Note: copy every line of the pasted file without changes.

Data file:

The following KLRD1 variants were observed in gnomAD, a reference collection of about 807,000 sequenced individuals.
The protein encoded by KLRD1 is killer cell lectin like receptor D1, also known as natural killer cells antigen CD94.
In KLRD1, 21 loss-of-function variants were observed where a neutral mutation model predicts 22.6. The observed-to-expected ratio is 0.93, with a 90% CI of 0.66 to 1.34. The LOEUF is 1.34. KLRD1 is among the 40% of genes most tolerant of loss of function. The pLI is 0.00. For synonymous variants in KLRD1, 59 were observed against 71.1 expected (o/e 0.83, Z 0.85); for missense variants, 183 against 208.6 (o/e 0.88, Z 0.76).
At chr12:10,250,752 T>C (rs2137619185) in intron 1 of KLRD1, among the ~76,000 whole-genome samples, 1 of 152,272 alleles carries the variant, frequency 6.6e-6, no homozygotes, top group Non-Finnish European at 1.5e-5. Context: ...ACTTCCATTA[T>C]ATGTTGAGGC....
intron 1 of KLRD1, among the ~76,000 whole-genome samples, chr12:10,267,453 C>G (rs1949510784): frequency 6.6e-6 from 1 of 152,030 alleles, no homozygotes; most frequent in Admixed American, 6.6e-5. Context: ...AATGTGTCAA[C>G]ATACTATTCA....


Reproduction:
The following KLRD1 variants were observed in gnomAD, a reference collection of about 807,000 sequenced individuals.
The protein encoded by KLRD1 is killer cell lectin like receptor D1, also known as natural killer cells antigen CD94.
In KLRD1, 21 loss-of-function variants were observed where a neutral mutation model predicts 22.6. The observed-to-expected ratio is 0.93, with a 90% CI of 0.66 to 1.34. The LOEUF is 1.34. KLRD1 is among the 40% of genes most tolerant of loss of function. The pLI is 0.00. For synonymous variants in KLRD1, 59 were observed against 71.1 expected (o/e 0.83, Z 0.85); for missense variants, 183 against 208.6 (o/e 0.88, Z 0.76).
At chr12:10,250,752 T>C (rs2137619185) in intron 1 of KLRD1, among the ~76,000 whole-genome samples, 1 of 152,272 alleles carries the variant, frequency 6.6e-6, no homozygotes, top group Non-Finnish European at 1.5e-5. Context: ...ACTTCCATTA[T>C]ATGTTGAGGC....
intron 1 of KLRD1, among the ~76,000 whole-genome samples, chr12:10,267,453 C>G (rs1949510784): frequency 6.6e-6 from 1 of 152,030 alleles, no homozygotes; most frequent in Admixed American, 6.6e-5. Context: ...AATGTGTCAA[C>G]ATACTATTCA....